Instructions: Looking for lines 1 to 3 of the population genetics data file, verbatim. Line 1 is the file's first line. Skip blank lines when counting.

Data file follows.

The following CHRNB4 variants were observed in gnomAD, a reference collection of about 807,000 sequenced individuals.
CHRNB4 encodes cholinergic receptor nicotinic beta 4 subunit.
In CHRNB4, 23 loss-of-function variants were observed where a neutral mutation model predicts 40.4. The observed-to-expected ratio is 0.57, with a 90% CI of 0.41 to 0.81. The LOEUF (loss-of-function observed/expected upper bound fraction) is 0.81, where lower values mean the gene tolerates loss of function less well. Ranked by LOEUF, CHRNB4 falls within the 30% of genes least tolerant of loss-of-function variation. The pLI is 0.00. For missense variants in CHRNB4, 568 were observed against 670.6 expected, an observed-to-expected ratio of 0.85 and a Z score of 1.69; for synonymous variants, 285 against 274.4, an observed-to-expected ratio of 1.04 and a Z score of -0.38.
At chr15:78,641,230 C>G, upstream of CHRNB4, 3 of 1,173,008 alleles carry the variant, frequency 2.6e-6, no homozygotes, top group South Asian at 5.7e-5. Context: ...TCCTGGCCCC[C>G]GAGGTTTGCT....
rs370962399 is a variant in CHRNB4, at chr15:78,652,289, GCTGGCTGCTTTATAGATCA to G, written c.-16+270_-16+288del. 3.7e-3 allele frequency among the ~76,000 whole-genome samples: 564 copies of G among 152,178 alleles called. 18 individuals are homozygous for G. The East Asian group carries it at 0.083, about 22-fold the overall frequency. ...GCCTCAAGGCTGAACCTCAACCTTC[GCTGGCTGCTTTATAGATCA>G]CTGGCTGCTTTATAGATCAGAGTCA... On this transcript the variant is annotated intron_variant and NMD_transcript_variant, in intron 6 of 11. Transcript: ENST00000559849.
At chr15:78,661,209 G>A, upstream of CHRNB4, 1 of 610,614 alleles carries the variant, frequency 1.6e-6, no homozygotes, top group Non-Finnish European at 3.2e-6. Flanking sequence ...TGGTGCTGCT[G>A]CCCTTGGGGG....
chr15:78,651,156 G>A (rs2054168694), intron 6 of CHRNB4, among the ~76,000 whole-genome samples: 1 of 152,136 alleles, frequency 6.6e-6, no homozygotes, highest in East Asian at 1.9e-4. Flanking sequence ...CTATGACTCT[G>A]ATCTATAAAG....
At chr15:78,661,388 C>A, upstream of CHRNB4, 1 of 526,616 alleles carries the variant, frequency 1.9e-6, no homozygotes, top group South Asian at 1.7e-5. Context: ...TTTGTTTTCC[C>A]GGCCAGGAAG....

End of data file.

The following CHRNB4 variants were observed in gnomAD, a reference collection of about 807,000 sequenced individuals.
CHRNB4 encodes cholinergic receptor nicotinic beta 4 subunit.
In CHRNB4, 23 loss-of-function variants were observed where a neutral mutation model predicts 40.4. The observed-to-expected ratio is 0.57, with a 90% CI of 0.41 to 0.81. The LOEUF (loss-of-function observed/expected upper bound fraction) is 0.81, where lower values mean the gene tolerates loss of function less well. Ranked by LOEUF, CHRNB4 falls within the 30% of genes least tolerant of loss-of-function variation. The pLI is 0.00. For missense variants in CHRNB4, 568 were observed against 670.6 expected, an observed-to-expected ratio of 0.85 and a Z score of 1.69; for synonymous variants, 285 against 274.4, an observed-to-expected ratio of 1.04 and a Z score of -0.38.